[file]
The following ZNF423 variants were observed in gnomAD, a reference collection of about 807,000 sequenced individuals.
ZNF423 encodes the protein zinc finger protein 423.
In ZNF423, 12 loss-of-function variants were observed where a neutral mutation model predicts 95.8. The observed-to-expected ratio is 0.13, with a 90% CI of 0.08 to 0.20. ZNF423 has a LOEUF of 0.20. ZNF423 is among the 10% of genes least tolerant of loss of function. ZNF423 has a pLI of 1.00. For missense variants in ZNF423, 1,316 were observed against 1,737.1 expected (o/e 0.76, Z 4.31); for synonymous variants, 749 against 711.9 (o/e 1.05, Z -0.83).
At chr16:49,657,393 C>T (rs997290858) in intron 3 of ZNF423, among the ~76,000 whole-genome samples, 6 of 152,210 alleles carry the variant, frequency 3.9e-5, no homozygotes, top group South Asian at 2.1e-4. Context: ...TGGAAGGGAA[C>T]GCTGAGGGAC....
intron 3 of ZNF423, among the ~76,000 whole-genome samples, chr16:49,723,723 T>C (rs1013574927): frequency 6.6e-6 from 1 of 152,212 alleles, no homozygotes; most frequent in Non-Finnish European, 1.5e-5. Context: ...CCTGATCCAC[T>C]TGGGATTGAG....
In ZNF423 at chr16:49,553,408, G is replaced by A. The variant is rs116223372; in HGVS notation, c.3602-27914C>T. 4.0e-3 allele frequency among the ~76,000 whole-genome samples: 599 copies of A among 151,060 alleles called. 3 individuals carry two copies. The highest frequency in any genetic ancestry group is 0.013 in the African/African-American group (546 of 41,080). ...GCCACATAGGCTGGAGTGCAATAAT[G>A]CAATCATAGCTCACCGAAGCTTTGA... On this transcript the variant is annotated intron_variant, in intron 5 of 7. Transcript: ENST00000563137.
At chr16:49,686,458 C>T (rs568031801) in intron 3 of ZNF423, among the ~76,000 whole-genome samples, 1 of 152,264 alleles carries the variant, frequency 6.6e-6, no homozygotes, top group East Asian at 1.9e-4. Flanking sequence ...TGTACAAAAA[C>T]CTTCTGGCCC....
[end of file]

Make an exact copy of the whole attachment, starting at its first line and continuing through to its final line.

The following ZNF423 variants were observed in gnomAD, a reference collection of about 807,000 sequenced individuals.
ZNF423 encodes the protein zinc finger protein 423.
In ZNF423, 12 loss-of-function variants were observed where a neutral mutation model predicts 95.8. The observed-to-expected ratio is 0.13, with a 90% CI of 0.08 to 0.20. ZNF423 has a LOEUF of 0.20. ZNF423 is among the 10% of genes least tolerant of loss of function. ZNF423 has a pLI of 1.00. For missense variants in ZNF423, 1,316 were observed against 1,737.1 expected (o/e 0.76, Z 4.31); for synonymous variants, 749 against 711.9 (o/e 1.05, Z -0.83).
At chr16:49,657,393 C>T (rs997290858) in intron 3 of ZNF423, among the ~76,000 whole-genome samples, 6 of 152,210 alleles carry the variant, frequency 3.9e-5, no homozygotes, top group South Asian at 2.1e-4. Context: ...TGGAAGGGAA[C>T]GCTGAGGGAC....
intron 3 of ZNF423, among the ~76,000 whole-genome samples, chr16:49,723,723 T>C (rs1013574927): frequency 6.6e-6 from 1 of 152,212 alleles, no homozygotes; most frequent in Non-Finnish European, 1.5e-5. Context: ...CCTGATCCAC[T>C]TGGGATTGAG....
In ZNF423 at chr16:49,553,408, G is replaced by A. The variant is rs116223372; in HGVS notation, c.3602-27914C>T. 4.0e-3 allele frequency among the ~76,000 whole-genome samples: 599 copies of A among 151,060 alleles called. 3 individuals carry two copies. The highest frequency in any genetic ancestry group is 0.013 in the African/African-American group (546 of 41,080). ...GCCACATAGGCTGGAGTGCAATAAT[G>A]CAATCATAGCTCACCGAAGCTTTGA... On this transcript the variant is annotated intron_variant, in intron 5 of 7. Transcript: ENST00000563137.
At chr16:49,686,458 C>T (rs568031801) in intron 3 of ZNF423, among the ~76,000 whole-genome samples, 1 of 152,264 alleles carries the variant, frequency 6.6e-6, no homozygotes, top group East Asian at 1.9e-4. Flanking sequence ...TGTACAAAAA[C>T]CTTCTGGCCC....